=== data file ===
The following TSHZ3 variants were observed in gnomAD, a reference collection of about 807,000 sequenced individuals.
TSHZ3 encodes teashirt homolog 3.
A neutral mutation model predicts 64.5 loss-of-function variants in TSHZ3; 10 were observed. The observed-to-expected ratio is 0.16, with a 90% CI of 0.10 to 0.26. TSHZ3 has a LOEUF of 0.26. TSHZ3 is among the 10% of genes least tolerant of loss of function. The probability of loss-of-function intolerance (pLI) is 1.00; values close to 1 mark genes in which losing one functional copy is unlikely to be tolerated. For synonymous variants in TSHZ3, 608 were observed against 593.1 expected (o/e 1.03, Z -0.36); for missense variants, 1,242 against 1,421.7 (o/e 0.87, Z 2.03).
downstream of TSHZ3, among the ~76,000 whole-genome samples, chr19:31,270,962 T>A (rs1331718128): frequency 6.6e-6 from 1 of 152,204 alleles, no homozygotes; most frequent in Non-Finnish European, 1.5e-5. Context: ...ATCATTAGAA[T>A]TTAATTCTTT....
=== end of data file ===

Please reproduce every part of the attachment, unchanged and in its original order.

The following TSHZ3 variants were observed in gnomAD, a reference collection of about 807,000 sequenced individuals.
TSHZ3 encodes teashirt homolog 3.
A neutral mutation model predicts 64.5 loss-of-function variants in TSHZ3; 10 were observed. The observed-to-expected ratio is 0.16, with a 90% CI of 0.10 to 0.26. TSHZ3 has a LOEUF of 0.26. TSHZ3 is among the 10% of genes least tolerant of loss of function. The probability of loss-of-function intolerance (pLI) is 1.00; values close to 1 mark genes in which losing one functional copy is unlikely to be tolerated. For synonymous variants in TSHZ3, 608 were observed against 593.1 expected (o/e 1.03, Z -0.36); for missense variants, 1,242 against 1,421.7 (o/e 0.87, Z 2.03).
downstream of TSHZ3, among the ~76,000 whole-genome samples, chr19:31,270,962 T>A (rs1331718128): frequency 6.6e-6 from 1 of 152,204 alleles, no homozygotes; most frequent in Non-Finnish European, 1.5e-5. Context: ...ATCATTAGAA[T>A]TTAATTCTTT....